ST. LOUIS — A month and a half into the season, the St. Louis Cardinals are waiting for the real Albert Pujols to show himself.
The reigning NL batting champion and two-time MVP runner-up was batting a so-so .278 heading into a stretch in which the Cardinals play 13 of 16 games on the road, beginning with Tuesday night’s 5-4 loss to the New York Mets. That’s 81 points below his .359 average last year and 56 points below his career average.
He hasn’t hit much in the clutch, either. The Cardinals’ No. 3 hitter was hitting .250 with runners in scoring position and had 24 RBIs, fourth on the team, despite being in the best run-producing spot in the lineup.
Last year, Pujols batted .374 with runners in scoring position, and he had 43 RBIs by the end of May.
“I’ve been feeling good since the season started,” Pujols said. “I think I’m hitting better than my average shows.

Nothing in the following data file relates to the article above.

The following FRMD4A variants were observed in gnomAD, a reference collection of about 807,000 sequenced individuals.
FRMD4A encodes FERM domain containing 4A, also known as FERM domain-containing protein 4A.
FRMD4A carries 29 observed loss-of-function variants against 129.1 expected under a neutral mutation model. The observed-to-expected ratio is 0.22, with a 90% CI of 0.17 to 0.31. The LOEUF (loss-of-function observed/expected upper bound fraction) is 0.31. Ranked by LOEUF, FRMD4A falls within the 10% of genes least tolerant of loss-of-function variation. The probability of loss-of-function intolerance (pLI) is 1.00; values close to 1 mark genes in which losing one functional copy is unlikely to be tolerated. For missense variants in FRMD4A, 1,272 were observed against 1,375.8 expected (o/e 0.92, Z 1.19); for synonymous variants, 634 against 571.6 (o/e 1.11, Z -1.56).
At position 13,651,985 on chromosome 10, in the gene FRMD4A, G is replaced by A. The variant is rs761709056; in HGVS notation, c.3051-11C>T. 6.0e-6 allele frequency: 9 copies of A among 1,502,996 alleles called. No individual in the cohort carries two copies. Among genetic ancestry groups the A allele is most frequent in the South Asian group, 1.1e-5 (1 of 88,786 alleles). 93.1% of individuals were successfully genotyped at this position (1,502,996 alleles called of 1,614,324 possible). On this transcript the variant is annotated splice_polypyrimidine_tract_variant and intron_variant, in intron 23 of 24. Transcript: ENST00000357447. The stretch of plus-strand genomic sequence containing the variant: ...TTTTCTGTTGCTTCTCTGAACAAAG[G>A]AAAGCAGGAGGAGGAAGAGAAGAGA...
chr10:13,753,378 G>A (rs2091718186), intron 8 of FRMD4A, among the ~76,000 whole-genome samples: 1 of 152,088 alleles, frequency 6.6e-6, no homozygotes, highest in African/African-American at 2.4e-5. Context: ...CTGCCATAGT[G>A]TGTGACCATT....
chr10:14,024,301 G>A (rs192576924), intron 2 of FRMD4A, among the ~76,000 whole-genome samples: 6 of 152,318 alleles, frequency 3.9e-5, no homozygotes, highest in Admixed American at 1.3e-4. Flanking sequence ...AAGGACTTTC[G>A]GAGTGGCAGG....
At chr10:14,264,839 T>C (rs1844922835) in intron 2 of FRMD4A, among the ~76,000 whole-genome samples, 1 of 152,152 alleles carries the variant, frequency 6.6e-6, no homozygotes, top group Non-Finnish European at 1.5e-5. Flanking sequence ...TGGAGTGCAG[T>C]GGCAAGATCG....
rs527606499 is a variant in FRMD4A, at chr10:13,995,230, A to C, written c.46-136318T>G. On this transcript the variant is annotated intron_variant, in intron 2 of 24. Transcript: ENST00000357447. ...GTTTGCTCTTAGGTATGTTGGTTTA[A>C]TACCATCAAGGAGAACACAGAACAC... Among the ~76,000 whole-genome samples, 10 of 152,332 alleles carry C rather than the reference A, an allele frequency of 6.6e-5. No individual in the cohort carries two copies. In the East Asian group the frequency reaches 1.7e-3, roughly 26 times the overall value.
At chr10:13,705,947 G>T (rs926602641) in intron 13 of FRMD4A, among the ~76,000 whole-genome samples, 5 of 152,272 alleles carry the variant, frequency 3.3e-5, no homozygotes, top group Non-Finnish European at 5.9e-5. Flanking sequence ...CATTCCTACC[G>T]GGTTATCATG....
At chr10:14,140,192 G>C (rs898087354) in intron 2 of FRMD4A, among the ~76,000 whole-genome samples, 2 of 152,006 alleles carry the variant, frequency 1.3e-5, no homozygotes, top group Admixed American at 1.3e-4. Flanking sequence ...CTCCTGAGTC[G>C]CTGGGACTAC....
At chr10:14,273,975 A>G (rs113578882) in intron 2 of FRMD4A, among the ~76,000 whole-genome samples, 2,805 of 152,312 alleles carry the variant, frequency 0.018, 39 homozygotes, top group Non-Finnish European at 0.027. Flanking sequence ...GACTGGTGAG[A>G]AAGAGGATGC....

“It’s just a matter of time. You know, a ball here or there and it changes.”
Still, the air of anticipation remains when Pujols strides to the plate. He almost always makes contact. Despite his impressive power stroke, he has struck out only nine times in 144 at-bats.
“He hasn’t taken one at-bat this year where I haven’t thought he might do something good,” La Russa said. “Even though he hasn’t been crushing the ball, I don’t think he’s been that far off.”
La Russa can’t help but wonder if Pujols’ newfound wealth is a factor in his relative struggles. At 24, he is the highest-paid player in team history after signing a seven-year, $100 million contract. Last year, Pujols made $900,000. La Russa said he knows of some “real bad examples” of players trying too hard to prove themselves after hitting the jackpot.
“I know you get worn out listening to it, but they’re men, not machines,” La Russa said. “He’s really strong between the ears so he’s probably going to be able to deal with it.
“But him hitting .290 right now is different than it was before he was recognized as one of the game’s best players.”